It’s impossible to deny the allure the Dead Sea scrolls have for scholars trying to better understand early Christianity. The corpus of scrolls found near Qumran represents a tantalizing glimpse into (a type of) Jewish life at the time and just before the life of Jesus. Many elements, which we might identify as part of Christian theology, are evident in the scrolls themselves. This includes a reliance on a charismatic teacher, a penchant for messianism of several sorts, and an increased almost-dualist emphasis on the works of “Satan” as they lay in contrast to God’s. But although it’s easy to see the echoes of what Christianity would become in these scrolls, these echoes represent patterns of thought rather than predecessors to Christian belief.
(This short essay is part of a collection that I wrote while working on a research project about the Dead Sea Scrolls a few years ago. It presupposes some understanding of the Scrolls and their narrative context, but should still be understandable for the lay reader.)
One of the connections that the Qumran scrolls and earliest Christianity share is the emphasis on a “teacher” who has come to share a new message about the old religion. The New Testament itself has two of these figures: Jesus and John the Baptist. There are no connections, of course, between the Teacher of Righteousness in the Qumran theology and these later figures: this teacher passed away at least a century before the New Testament. All three of these teachers instructed groups on the application of law and theology. The Qumran community’s Teacher of Righteousness “knew all the mysterious revelations of … the prophets (Commentary on Habbakuk, Col. 7:3),” while Jesus was called the “teacher who has come from God (John 3:2)” Even John the Baptist was called a “teacher” in Luke 3:12. In addition to this shared terminology, all three taught in opposition to (or in addition to) the teachings at Jerusalem. This is perhaps understandable as teachers who taught the mainstream may not have come down to us as prominent figures, but the presence of these individuals during this period demonstrates a pattern in the culture where some groups were eager to look to new charismatic leaders for guidance.
A second connection between Qumran and the early Christian figures is the emergence of one or more messiah figures. While the details of these beliefs are different, that the concept of a messiah was present in the common theology of the period is unmistakable. At Qumran, the belief was in two, not one, messiahs: one from the line of David and one from the priestly class. The belief in these “Messiahs of Aaron and Israel” were even laid out in the foundation document of the community, the Community Rule (9:11). In the views of early Christianity, it is clear that Jesus is presented as the messiah, but the New Testament depicts that there may have been Jews of the period actively looking for one. For example, John 1:19 begins a scene where John the Baptist is asked whether he is the messiah, to which he replies “no”. The notion that fringe groups may have been looking for a messiah is not new– we still have them today– but we can at least surmise that the imminent arrival of a messiah was a prominent element in some Jewish beliefs of the period.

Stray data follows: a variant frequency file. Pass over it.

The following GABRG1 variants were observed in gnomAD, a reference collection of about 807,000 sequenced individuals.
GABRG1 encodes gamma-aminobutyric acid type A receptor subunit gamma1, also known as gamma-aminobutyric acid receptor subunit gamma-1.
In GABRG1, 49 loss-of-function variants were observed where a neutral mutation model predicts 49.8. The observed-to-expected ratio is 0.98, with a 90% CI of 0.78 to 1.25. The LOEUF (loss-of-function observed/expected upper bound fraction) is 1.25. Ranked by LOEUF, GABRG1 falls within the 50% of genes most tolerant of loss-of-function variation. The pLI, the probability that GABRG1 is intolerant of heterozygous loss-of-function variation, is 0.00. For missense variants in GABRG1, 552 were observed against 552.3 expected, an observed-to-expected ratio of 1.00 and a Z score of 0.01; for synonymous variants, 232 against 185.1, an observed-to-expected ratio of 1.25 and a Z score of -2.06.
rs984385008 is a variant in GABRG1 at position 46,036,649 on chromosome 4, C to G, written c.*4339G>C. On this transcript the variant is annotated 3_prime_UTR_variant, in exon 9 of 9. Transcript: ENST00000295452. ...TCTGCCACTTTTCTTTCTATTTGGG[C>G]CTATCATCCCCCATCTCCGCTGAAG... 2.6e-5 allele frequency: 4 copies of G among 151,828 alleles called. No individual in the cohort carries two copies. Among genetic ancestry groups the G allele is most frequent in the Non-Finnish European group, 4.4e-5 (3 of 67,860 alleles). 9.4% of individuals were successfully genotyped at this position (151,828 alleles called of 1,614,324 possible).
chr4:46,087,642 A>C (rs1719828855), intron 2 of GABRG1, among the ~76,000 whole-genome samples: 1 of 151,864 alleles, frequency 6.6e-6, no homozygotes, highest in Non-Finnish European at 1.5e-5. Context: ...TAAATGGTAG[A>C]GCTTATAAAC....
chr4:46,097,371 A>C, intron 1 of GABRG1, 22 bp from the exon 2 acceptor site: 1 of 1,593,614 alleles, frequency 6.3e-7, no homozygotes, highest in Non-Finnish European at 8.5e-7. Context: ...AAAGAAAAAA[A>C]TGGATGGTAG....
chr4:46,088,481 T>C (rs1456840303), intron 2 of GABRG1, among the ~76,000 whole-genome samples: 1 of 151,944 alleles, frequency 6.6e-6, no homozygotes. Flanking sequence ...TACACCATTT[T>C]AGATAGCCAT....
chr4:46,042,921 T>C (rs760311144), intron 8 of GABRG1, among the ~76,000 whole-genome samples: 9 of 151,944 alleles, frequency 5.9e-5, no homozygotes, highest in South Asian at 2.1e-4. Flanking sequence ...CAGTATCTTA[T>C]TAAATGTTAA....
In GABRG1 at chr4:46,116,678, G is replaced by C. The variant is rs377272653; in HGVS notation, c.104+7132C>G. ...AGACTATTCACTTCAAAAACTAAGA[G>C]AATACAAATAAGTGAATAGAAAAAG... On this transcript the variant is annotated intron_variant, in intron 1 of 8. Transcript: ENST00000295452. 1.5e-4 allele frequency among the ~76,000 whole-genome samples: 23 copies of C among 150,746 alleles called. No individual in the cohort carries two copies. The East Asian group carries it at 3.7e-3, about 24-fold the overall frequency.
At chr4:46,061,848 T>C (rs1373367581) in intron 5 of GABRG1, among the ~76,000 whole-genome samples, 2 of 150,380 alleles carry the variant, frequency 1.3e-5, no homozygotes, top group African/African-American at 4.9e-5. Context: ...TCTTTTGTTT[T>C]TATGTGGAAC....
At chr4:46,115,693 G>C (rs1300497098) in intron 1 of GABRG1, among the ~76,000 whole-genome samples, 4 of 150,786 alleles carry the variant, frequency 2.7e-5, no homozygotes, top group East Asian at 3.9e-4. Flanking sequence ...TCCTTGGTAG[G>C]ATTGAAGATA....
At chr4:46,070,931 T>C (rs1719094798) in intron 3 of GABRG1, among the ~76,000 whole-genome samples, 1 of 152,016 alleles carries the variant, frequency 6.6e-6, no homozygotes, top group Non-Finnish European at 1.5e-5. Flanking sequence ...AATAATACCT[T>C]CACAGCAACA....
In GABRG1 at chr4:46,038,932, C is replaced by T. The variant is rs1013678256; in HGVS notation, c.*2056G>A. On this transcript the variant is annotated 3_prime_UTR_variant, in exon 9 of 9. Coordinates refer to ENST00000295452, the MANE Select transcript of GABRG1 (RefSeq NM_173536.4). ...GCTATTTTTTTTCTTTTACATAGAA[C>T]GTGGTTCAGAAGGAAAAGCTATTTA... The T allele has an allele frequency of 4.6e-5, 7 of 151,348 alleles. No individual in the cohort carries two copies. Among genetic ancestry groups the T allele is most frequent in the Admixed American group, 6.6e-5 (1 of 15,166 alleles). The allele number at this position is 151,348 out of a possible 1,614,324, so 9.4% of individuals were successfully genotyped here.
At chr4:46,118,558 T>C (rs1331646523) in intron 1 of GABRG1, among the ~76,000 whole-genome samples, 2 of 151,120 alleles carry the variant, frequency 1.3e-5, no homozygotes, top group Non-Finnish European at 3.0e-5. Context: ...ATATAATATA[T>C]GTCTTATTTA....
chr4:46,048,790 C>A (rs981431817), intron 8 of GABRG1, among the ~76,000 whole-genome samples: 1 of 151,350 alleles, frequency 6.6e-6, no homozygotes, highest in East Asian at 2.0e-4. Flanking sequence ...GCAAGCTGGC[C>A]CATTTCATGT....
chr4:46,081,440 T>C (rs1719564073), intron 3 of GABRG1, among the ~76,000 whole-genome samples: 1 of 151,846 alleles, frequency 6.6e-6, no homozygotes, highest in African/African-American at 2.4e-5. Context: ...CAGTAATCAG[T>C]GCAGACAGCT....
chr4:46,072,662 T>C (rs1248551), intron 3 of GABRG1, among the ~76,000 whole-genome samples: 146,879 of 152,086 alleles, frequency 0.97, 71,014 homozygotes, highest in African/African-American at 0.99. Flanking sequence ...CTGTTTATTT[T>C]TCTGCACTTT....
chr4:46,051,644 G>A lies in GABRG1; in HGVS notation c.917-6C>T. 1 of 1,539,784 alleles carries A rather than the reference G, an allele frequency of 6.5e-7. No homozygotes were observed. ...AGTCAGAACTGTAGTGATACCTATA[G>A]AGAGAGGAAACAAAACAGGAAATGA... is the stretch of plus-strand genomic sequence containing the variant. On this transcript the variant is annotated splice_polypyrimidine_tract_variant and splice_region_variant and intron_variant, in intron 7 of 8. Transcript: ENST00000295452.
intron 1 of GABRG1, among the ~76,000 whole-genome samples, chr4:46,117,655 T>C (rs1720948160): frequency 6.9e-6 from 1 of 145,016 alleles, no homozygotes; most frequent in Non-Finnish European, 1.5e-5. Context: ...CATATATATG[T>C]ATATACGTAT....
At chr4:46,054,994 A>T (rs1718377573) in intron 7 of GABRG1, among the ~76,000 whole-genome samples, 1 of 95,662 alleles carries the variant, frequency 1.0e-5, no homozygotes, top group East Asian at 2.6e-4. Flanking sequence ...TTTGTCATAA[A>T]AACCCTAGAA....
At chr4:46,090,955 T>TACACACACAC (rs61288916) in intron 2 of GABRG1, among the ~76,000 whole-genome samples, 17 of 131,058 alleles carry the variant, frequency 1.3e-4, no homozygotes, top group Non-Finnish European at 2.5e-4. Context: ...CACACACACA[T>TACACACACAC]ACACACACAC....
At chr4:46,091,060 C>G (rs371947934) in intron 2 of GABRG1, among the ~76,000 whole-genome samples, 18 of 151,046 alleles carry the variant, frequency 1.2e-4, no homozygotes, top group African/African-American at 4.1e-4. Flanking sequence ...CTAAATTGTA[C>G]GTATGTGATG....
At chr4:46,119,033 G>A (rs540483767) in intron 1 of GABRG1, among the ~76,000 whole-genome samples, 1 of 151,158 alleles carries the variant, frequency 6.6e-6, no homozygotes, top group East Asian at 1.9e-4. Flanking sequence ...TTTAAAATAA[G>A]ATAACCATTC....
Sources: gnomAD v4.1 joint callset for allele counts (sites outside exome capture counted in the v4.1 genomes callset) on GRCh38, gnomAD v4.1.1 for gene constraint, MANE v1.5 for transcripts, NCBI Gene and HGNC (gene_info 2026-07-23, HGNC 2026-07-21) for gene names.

A third, but by no means final pattern-connection between the scrolls found at Qumran and the later Christian beliefs is the centrality of Satan. In the Hebrew Bible, Satan is not a prominent figure. While some Christians may argue that Satan appears in Genesis (as the snake), Satan only unambiguously appears a few times, most prominently in Job. (And even then, he is depicted as being a servant of God, rather than an opposition figure.) In contrast, an opposition figure (usually named Belial, though with other names) appears regularly in the corpus at Qumran. Like later Christianity, this individual was perceived as being responsible for demons on earth and similar evil spirits (Songs to Disperse Demons Col 5:2) and even was associated with Hell/Hades (5:9)!
There are many connections between the theology of the documents that we have found at Qumran and later Christian belief. While these connections do not make up the lion’s share of the belief system, it is clear that some aspects of these two systems “rhyme”. While it is possible to draw conclusions from these repeats – perhaps that Christianity adopted elements that had been part of Judaism and subsequently rejected (perhaps because of Christianity’s adoption!) – these conclusions are difficult to warrant based only on the data that we have. What is clear is that key elements of Qumranite and Christian beliefs were similar: their reliance on teacher figures, their belief in an imminent (or recent) messiah, and their focus on a new opposition figure to God in the “monotheistic” pantheon. As Andre Dupont-Sommer has stated, there are all the appearances of Christianity “borrowing” from Qumran, but the interaction between these faith groups cannot be so easily measured.